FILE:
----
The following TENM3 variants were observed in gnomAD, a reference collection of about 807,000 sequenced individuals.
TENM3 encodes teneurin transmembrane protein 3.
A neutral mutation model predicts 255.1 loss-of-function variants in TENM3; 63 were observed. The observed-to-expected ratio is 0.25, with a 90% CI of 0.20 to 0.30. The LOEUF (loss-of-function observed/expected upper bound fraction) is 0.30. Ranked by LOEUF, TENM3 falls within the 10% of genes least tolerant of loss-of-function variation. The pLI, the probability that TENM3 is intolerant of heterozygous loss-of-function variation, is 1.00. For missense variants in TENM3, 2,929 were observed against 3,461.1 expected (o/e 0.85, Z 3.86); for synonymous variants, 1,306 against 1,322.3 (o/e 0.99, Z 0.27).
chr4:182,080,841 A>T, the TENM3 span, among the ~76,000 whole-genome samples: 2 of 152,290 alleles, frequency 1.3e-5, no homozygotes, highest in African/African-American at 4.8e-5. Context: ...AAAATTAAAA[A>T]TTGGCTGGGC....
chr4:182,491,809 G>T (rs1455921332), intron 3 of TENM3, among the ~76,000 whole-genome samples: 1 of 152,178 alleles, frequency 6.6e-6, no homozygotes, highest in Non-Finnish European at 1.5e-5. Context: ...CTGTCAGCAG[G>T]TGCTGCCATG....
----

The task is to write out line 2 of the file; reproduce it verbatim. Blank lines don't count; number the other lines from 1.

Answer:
TENM3 encodes teneurin transmembrane protein 3.